Attenborough Nature Reserve

Trent River houses

Trent River houses

On Saturday we cycled over to Attenborough Nature Reserve, which is a 145 hectare area of flooded gravel pits bordering the River Trent. The gravel pits are divided up by a series of islands and paths, which form a circular route round the nature reserve.

The first part of the loop goes along a section of the River Trent that is lined with barges and houses made from what look like cobbled together pieces of flotsam and jetsam, as though they have been washed away so many times the owners have given up maintaining any semblance of a “normal” house. Or perhaps the owners are water people who only come on to dry land to sleep.

As you cycle further along the path there are two structures that stand out on the horizon: the spire of the church in the village of Attenborough and the cooling towers of the coal fired power station at Ratcliffe-on-Soar. The path meanders so that the two seem to swap places on the horizon as you cycle along. I feel like I ought to find the cooling towers hideous and be angry about everything they represent, but actually I think they’re oddly beautiful. Especially on a day like Saturday when the winter sun shines through the foggy haze created by the clouds of steam and smoke pouring up from the towers.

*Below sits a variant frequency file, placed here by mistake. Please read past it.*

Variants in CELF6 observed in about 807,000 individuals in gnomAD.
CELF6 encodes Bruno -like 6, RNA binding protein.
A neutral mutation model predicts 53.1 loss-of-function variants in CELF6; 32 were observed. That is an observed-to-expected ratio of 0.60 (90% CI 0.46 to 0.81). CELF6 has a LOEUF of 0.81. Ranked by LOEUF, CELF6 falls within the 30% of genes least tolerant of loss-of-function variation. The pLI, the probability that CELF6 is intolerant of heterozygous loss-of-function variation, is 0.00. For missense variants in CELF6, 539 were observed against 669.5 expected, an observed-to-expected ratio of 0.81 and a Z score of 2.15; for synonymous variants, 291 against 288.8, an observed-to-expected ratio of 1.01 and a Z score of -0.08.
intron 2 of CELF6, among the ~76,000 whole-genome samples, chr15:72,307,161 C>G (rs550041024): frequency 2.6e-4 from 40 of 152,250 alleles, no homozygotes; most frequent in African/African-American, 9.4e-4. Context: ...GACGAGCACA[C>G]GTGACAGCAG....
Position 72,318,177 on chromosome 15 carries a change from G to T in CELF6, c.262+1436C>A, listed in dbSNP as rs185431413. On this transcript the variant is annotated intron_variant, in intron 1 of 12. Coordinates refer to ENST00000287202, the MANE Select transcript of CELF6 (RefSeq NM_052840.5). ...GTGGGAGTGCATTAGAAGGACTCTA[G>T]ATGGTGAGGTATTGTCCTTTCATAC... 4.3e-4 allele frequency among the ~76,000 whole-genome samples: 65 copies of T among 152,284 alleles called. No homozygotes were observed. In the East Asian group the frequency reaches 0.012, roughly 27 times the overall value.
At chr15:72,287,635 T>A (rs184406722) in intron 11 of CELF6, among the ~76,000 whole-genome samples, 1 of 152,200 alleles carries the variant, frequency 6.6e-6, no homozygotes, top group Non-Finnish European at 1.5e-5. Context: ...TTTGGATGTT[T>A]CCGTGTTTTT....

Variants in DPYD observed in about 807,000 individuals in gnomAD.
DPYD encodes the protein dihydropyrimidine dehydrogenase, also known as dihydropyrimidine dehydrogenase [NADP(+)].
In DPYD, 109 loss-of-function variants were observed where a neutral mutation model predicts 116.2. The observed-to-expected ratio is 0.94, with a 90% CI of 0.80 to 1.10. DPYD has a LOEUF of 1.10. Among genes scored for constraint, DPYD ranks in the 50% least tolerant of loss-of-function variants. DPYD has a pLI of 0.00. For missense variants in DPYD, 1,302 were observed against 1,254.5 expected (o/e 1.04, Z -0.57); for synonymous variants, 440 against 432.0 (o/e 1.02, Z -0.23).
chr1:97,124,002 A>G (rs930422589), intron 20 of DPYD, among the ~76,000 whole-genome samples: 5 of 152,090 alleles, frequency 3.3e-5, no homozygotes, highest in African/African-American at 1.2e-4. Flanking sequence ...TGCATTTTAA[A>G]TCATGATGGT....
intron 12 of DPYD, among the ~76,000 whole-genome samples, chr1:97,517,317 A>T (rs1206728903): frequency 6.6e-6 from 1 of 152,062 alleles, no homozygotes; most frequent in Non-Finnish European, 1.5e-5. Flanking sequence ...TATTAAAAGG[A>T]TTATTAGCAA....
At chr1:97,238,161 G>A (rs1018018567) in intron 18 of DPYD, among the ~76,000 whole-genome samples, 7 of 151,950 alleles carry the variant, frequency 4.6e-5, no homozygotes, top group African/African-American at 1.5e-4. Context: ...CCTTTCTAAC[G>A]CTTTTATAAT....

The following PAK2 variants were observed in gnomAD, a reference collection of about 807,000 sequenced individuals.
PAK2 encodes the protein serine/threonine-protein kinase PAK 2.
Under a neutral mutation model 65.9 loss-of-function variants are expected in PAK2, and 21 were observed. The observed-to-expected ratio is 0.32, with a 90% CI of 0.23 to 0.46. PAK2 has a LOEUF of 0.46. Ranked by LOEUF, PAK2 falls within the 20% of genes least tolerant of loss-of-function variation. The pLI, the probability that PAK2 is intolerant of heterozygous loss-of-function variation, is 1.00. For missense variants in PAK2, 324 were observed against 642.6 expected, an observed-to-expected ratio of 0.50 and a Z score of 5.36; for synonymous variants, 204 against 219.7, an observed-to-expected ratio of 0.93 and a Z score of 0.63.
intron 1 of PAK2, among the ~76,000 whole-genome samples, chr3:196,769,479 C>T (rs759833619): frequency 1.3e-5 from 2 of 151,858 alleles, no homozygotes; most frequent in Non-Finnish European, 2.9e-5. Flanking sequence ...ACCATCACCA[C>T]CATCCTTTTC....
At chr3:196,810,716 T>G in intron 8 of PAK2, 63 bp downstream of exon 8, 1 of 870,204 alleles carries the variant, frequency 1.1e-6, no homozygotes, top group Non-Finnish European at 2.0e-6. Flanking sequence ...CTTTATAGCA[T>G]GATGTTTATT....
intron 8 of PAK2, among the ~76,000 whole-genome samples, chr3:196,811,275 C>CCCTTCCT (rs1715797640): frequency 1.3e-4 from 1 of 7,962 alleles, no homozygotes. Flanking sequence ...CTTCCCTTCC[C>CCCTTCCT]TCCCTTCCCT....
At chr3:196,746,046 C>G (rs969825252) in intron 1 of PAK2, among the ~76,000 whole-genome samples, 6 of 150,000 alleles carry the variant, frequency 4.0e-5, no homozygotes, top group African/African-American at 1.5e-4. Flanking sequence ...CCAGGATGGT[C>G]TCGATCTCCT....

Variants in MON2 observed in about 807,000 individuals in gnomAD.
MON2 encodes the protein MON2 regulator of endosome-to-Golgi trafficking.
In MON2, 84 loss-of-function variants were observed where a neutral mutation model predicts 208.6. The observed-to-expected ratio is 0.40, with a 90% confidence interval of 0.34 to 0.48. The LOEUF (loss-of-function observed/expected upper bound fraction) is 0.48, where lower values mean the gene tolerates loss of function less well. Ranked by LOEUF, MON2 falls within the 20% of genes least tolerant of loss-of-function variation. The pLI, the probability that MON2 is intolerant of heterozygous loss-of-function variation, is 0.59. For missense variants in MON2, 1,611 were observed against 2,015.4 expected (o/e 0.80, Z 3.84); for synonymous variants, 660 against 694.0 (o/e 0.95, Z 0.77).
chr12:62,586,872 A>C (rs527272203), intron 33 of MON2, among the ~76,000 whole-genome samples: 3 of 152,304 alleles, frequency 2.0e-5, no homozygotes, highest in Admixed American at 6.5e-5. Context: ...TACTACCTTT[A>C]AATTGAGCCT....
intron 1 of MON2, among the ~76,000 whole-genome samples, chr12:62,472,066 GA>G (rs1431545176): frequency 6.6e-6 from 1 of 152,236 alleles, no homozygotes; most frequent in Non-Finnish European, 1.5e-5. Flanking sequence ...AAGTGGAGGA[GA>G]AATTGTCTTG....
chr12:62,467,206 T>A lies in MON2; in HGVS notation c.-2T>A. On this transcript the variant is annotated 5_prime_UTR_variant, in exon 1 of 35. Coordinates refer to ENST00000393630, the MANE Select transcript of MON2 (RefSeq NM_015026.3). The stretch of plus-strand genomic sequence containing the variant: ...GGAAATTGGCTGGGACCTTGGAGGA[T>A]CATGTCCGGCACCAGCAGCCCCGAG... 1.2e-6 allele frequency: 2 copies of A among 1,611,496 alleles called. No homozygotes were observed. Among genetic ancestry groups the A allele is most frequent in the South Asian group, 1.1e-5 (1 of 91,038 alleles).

This one was taken on a different visit, but you get the idea.

This one was taken on a different visit, but you get the idea

We stopped briefly at the visitor centre, which sits out on the water across a metal bridge. The centre seems to bustle constantly with cars and people, and ducks and geese jostle for bread from the visitors. We sat on a bench enjoying the view when a train went by on the other side of the water. Again I found myself thinking that something that should look ugly and blot the natural beauty of the place actually looked quite charming. Then again, the reserve itself is hardly natural – it is made up of the flooded gravel pits of a former industry.

As well as the more common ducks like Mallards and Canada Geese, the area is a good spot for seeing wintering water fowl, but we didn’t stop to do any birding. In fact, the most unusual wildlife sighting I had was the rat that ran across the path a few feet from us – I don’t see many rats!

As we looped back round we passed through the village of Attenborough. It is what can fairly be described as quaint. It is quaint to the point of seeming as made up and jumbled together as the houses on the shore of the Trent. As though someone said one day, let’s construct an idyll of English village life. Village church, check; village green, check; water pump on the green, check; cricket pitch, check.

Attenborough church

Attenborough church

After the village it was a short cycle back to the start of the loop and the most terrifying part of the journey home – having to push our bikes across the railway tracks. Just as we were about to cross a train came barrelling past; suddenly they didn’t seem so charming any more.

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